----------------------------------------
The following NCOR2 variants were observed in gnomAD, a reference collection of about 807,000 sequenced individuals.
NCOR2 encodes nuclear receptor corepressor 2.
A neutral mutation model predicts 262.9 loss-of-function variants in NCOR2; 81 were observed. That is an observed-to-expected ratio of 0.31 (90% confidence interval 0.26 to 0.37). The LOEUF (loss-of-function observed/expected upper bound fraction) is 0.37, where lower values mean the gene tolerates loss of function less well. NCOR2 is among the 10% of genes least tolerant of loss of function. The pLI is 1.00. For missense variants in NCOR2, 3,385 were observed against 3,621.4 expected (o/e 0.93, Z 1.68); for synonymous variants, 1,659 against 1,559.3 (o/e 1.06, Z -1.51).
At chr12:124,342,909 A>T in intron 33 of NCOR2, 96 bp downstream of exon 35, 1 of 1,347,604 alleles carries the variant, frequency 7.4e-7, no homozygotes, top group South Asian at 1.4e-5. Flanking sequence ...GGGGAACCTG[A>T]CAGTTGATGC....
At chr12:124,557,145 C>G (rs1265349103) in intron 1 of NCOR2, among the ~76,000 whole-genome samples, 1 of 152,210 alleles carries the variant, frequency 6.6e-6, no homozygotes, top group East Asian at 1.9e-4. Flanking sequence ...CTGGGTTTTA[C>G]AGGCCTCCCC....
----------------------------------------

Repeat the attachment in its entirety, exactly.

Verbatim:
The following NCOR2 variants were observed in gnomAD, a reference collection of about 807,000 sequenced individuals.
NCOR2 encodes nuclear receptor corepressor 2.
A neutral mutation model predicts 262.9 loss-of-function variants in NCOR2; 81 were observed. That is an observed-to-expected ratio of 0.31 (90% confidence interval 0.26 to 0.37). The LOEUF (loss-of-function observed/expected upper bound fraction) is 0.37, where lower values mean the gene tolerates loss of function less well. NCOR2 is among the 10% of genes least tolerant of loss of function. The pLI is 1.00. For missense variants in NCOR2, 3,385 were observed against 3,621.4 expected (o/e 0.93, Z 1.68); for synonymous variants, 1,659 against 1,559.3 (o/e 1.06, Z -1.51).
At chr12:124,342,909 A>T in intron 33 of NCOR2, 96 bp downstream of exon 35, 1 of 1,347,604 alleles carries the variant, frequency 7.4e-7, no homozygotes, top group South Asian at 1.4e-5. Flanking sequence ...GGGGAACCTG[A>T]CAGTTGATGC....
At chr12:124,557,145 C>G (rs1265349103) in intron 1 of NCOR2, among the ~76,000 whole-genome samples, 1 of 152,210 alleles carries the variant, frequency 6.6e-6, no homozygotes, top group East Asian at 1.9e-4. Flanking sequence ...CTGGGTTTTA[C>G]AGGCCTCCCC....